The 10th day of the 7th month (Ethanim, or Tishri), the most solemn day of the year. On it all were not only to refrain from work but also to afflict their souls (Lev 23:27-32). This probably included fasting, since in NT times it is evidently this day that is referred to as "the fast" (Acts 27:9). On this day all the sins of the preceding year were finally disposed of in the ceremony of cleansing the sanctuary (16). All who did not afflict their souls on that day were cut off from Israel (ch 23:29). The Day of Atonement was to the Jews a day of judgement. As their tradition later describes it, all are judged on New Year's Day, but those who are not outstandingly good or hopelessly wicked have 9 days more, until the Day of Atonement, before their doom is finally sealed (Talmud Rosh Hashanah 16a).
Another important event connected with the Day of Atonement was the blowing of the trumpet on that day to announce the 50th year of the sabbatical year cycle, the year of jubilee (Lev 25:9, 10). Presumably, then, the sabbatical years, running in the same series with the jubilee years, also began at that time. The Day of Atonement services represented cleansing from sin and reconciliation to God (ch 16:16, 33, 34). The ritual began with the high priest bathing his body and putting on the holy linen garments (v 4). For himself and his house he offered a bull for a sin offering (v 6). After this personal preparation a goat designated "for the Lord," previously chosen by lot from two acquired for the service (vs. 5, 7, 8), was sacrificed (v 9). Then, amid clouds of incense ascending from the altar before the second veil (vs. 12, 13) the high priest entered the Most Holy Place and sprinkled the blood first of the bull, then of the goat, upon and before the mercy seat (v 15), which covered the ark containing, among other things, the tables of the Decalogue (Heb 9:4). In this manner the holy place was cleansed, and atonement made for the sins of the people (Lev 16:16). In a similar manner the altar was cleansed (vs. 18, 19). Later, but not until the work of reconciliation for the holy place, the altar, and the people was ended (v 20), the transgressions of the people were transferred ritually to the goat, described as being "for Azazel," (v 10, RSV). This goat was then led into the wilderness (vs. 20-22).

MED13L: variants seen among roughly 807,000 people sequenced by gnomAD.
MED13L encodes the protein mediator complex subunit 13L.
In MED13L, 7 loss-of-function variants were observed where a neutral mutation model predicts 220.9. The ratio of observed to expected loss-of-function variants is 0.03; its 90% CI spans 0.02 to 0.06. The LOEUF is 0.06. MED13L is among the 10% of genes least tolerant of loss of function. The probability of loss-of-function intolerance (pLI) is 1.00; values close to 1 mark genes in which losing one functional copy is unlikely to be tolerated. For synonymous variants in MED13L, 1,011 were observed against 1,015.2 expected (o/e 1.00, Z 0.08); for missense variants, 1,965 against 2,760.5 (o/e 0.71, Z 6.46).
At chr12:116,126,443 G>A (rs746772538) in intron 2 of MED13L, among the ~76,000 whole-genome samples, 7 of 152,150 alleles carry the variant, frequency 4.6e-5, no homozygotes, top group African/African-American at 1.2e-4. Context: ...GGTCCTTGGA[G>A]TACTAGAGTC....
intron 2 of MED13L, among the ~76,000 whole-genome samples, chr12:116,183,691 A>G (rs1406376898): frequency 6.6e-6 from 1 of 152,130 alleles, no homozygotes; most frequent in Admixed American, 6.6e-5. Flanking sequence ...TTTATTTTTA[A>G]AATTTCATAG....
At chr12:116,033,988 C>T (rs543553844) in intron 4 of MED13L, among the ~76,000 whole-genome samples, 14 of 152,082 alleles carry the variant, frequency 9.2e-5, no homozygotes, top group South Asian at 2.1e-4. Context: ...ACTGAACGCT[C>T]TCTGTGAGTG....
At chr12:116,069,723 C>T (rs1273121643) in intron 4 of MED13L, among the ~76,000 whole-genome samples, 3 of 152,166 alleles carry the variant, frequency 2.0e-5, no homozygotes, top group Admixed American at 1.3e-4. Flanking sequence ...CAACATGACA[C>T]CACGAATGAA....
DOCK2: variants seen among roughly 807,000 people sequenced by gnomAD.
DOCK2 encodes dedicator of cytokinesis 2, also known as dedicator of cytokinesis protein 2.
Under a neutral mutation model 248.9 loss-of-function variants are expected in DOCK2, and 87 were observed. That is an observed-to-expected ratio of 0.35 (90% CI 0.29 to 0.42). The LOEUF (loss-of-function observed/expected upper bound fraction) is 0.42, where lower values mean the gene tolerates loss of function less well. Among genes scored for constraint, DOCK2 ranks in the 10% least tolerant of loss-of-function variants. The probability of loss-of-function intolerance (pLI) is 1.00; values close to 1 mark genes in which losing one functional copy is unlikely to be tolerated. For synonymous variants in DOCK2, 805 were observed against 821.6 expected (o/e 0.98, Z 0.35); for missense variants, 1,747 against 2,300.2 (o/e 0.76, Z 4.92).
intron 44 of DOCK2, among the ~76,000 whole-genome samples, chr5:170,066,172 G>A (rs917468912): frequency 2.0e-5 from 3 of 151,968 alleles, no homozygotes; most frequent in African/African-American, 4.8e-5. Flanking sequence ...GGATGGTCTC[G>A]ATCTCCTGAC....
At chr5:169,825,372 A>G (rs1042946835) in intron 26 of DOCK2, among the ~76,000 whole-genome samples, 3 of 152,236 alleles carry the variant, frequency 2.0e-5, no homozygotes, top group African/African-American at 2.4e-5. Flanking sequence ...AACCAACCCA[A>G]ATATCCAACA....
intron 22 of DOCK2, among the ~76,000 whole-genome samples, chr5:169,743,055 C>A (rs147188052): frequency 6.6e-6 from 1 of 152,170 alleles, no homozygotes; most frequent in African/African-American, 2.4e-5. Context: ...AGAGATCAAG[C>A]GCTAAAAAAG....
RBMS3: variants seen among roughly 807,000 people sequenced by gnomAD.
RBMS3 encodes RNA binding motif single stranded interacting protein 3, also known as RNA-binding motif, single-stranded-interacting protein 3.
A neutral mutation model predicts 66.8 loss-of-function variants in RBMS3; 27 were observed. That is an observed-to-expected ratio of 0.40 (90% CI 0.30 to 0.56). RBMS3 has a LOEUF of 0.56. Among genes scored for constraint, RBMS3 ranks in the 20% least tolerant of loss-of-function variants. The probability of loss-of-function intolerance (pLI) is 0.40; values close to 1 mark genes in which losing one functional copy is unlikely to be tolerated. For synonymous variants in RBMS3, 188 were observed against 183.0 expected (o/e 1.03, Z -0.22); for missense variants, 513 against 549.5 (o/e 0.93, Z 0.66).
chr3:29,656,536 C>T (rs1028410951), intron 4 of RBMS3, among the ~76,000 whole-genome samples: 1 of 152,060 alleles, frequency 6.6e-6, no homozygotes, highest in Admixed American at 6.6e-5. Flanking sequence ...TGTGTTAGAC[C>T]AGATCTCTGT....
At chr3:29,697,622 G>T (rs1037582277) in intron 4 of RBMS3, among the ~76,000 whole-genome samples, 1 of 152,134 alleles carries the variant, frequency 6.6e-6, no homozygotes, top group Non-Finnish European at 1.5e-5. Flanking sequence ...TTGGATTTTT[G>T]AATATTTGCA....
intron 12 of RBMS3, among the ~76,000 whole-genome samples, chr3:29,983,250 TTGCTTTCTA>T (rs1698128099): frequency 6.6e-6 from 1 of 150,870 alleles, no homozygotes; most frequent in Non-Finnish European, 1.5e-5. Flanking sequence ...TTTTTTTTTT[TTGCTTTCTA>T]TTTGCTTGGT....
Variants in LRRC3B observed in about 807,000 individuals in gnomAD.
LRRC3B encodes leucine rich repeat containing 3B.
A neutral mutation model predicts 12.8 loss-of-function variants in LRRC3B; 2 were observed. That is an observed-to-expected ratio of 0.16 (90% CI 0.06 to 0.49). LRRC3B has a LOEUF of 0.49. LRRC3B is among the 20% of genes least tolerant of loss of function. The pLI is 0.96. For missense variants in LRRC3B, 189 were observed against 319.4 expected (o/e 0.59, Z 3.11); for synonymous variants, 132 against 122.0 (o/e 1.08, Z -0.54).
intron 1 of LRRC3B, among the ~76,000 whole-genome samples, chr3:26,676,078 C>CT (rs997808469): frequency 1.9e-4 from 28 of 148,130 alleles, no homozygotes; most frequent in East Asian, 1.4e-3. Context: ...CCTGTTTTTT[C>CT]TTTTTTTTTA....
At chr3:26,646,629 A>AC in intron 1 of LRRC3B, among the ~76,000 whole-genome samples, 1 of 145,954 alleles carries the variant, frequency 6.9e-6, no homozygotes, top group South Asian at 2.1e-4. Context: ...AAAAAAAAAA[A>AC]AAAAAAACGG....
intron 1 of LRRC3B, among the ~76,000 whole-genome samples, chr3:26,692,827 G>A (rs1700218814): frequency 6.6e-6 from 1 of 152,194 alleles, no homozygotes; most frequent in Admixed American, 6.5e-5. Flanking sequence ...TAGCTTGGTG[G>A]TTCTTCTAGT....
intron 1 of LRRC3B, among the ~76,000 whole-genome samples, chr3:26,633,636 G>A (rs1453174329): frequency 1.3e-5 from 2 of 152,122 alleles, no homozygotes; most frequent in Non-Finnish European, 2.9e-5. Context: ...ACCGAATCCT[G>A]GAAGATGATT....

The high priest was a type of Christ, the high priest in the heavenly sanctuary (Heb 8:1). The earthly priest performed his services "unto the example and shadow of heavenly things" (v 5). The author of Hebrews explains that by the high priest's entering only once a year into the second apartment the Holy Spirit signified that "the way into the holiest of all was not yet made manifest, while as the first tabernacle was yet standing" (ch 9:8) -- Seventh-day Adventist Bible Dictionary.